Elections in Russia: now just a necessary evil?

The Russian people will elect their representatives to the State Duma from September 17 to 19. All the stronger opposition candidates have been excluded from the election, and the OSCE has decided not to send observers because of Moscow's strict requirements. Commentators explain why the election is unlikely to have any impact on Putin's power and that of his United Russia party - even if on paper there are a few alternatives.

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Salzburger Nachrichten (AT) /

Life without elections is Putin's dream

The Salzburger Nachrichten says Putin's do-or-die attitude to remaining in power is once again in evidence:

“Putin's absolutist credo is: The state is me. Those who don't want to believe this should remember 2008. Back then he could have retired from active politics after two terms as president, as provided for in the constitution. He would have gone down in Russian history as a great stabiliser after the chaos of the 1990s. But instead, he continued. Elections only interfere with this. That's why the Putin era will later be remembered as a time of political murders, show trials and crushed demonstrations. ... For Putin, life without elections would probably be a dream. But that is not (yet) an option in Russia. So he continues to manipulate until it becomes one.”

Novaya Gazeta (RU) /

Communists a contradictory alternative

The "Smart Voting" project developed by Navalny's foundation recommends that voters vote for the strongest opposition candidate regardless of their party affiliation to deprive the Kremlin's United Russia party of victory. 60 percent of those candidates are from the Communist Party of the Russian Federation (CPRF). Novaya Gazeta takes a closer look at the party's paradoxes:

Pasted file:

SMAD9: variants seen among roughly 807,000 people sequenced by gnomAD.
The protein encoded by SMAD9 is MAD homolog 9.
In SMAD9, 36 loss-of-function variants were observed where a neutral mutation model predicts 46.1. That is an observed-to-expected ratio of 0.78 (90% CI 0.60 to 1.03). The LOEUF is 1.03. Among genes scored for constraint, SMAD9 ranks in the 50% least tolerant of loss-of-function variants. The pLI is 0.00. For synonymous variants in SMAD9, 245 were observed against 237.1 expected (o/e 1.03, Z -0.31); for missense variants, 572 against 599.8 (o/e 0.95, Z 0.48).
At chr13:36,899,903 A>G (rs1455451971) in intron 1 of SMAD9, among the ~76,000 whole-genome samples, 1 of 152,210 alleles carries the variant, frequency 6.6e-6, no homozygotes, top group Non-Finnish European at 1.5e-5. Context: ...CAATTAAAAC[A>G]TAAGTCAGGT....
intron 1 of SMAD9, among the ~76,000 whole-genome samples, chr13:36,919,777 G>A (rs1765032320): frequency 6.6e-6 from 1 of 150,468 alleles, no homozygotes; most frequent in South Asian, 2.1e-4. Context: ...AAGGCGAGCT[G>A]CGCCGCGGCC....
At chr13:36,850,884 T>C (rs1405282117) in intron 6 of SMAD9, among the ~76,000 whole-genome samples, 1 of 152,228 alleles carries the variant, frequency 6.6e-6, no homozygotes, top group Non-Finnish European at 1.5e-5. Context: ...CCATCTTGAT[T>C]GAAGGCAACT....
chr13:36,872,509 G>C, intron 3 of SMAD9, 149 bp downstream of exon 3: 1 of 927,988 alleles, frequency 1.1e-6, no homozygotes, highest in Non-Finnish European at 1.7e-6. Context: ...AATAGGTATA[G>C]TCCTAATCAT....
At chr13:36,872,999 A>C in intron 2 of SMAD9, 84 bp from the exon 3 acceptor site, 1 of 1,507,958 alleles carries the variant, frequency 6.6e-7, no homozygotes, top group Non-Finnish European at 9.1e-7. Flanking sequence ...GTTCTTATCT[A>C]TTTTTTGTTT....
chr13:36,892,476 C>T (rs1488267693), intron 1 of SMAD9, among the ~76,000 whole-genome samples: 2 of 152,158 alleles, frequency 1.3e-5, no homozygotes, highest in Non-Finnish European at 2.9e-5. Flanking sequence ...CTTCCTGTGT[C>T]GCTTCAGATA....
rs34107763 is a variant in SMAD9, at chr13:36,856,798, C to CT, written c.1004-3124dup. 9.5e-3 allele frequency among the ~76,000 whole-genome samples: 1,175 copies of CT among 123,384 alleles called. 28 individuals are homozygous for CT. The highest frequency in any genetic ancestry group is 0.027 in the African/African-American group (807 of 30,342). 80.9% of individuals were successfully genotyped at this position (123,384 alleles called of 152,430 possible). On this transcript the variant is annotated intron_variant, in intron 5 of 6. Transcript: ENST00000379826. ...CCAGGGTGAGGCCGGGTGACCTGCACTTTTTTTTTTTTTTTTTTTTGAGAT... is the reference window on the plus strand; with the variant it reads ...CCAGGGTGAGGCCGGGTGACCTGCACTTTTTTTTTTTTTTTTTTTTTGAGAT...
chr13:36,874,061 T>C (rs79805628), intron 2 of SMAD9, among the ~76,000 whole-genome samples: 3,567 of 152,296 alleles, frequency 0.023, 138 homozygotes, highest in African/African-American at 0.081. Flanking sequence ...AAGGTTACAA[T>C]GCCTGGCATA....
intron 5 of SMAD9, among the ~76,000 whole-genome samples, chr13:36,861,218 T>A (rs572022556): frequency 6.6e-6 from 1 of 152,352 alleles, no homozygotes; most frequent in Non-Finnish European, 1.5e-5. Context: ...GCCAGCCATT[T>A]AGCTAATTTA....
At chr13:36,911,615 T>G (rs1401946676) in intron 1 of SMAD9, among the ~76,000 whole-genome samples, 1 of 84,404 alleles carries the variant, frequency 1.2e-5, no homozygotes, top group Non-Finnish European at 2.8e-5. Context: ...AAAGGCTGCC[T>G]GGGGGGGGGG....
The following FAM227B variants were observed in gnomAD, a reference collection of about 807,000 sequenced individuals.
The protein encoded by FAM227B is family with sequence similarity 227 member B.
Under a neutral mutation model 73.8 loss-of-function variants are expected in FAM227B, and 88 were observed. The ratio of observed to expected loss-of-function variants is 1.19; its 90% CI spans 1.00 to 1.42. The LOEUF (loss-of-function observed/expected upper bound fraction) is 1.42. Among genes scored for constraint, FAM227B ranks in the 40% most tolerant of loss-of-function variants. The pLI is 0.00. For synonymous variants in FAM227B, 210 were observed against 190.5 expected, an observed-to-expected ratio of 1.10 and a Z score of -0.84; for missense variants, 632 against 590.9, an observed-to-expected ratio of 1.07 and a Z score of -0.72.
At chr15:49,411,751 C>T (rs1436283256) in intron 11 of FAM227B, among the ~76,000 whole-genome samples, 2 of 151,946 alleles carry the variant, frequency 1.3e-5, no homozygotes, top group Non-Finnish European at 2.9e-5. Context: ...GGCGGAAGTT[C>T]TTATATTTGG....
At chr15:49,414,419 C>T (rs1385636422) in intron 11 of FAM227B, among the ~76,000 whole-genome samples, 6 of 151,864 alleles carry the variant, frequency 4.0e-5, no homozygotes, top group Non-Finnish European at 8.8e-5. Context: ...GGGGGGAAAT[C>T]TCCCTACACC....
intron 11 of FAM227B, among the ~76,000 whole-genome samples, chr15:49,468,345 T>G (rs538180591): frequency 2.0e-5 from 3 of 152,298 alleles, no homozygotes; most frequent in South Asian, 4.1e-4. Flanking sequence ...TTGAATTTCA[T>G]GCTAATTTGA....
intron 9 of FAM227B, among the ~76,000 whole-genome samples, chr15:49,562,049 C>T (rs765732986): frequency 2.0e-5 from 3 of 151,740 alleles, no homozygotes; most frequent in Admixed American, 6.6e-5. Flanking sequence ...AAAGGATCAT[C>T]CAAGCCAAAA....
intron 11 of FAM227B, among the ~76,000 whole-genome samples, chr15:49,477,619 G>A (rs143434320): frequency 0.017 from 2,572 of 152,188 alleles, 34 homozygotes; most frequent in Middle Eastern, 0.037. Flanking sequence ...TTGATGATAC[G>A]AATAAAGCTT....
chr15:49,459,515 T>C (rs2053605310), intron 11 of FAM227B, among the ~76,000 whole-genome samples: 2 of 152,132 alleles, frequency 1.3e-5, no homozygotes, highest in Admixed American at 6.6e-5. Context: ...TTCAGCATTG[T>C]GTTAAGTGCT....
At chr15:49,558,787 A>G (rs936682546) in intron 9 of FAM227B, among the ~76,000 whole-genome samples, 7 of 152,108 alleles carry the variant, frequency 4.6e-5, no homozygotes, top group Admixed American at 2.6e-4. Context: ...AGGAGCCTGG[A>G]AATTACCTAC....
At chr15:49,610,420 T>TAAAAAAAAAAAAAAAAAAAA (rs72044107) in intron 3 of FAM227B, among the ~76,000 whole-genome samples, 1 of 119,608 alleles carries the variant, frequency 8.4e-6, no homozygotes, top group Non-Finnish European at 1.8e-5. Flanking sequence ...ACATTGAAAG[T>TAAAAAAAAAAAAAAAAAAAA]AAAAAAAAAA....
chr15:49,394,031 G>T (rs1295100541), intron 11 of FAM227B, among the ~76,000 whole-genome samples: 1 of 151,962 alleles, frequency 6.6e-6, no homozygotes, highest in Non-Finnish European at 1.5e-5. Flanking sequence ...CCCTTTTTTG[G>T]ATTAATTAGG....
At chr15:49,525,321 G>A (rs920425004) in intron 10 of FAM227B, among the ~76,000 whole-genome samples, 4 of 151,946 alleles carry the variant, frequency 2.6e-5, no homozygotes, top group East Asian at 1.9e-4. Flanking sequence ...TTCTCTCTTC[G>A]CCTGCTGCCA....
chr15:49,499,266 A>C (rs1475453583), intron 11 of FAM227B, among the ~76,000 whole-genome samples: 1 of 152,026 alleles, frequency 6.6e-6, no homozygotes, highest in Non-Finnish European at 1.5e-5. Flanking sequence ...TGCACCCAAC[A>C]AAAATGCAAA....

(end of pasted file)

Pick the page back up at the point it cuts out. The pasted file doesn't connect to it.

“On the one hand its central apparatus, with its eternal leader Zyuganov, does all it can to scare off voters from the liberal spectrum. Its leaders favour Dzerzhinsky monuments and lay flowers on the graves of NKVD [Soviet interior ministry] executioners. They agree with Lukashenka's actions, praise Stalin, flirt with anti-vaxxers and reject Navalny. On the other hand in the regions and in Moscow, the CPRF's candidates seem hardly less liberal than the Yabloko voters: they demand the release of political prisoners, freedom of speech, solutions to environmental problems and help for the young.”

The Irish Times (IE) /

Kremlin props up a pseudo-opposition

Once again there is no sign of real political competition for Russia's rulers, The Irish Times laments:

“The communists seek a return to the harsh political regime of the Soviet Union, while the liberal democrats oppose both communism and neo-liberalism, offering voters an alternative diet of ethnic Russian chauvinism and ultranationalism. Though claiming to represent a political alternative, these parties are actually funded by the state. ... For the foreseeable future, however, Russia seems destined to remain a democracy in only the most nominal sense.”

Ria Nowosti (RU) /

Communists won't get far with Soviet nostalgia

The state agency Ria Novosti outlines what Russians expect from their politicians:

“The main problem is the enormous social injustice. The citizens want not just a high standard of living but also fair distribution of wealth. But they want this without revolutionary shocks or the loss of the country's superpower status. Instead, this should be achieved through reliably functioning state mechanisms and a developing economy without egalitarianism or shortages of goods. That's why people cite the Soviet past [as the best system] in the polls, but don't vote for the communists in practice. ... People trust Putin, who is expected to secure both the superpower status and a high standard of living.”

Corriere della Sera (IT) /

Putin not so firmly in the saddle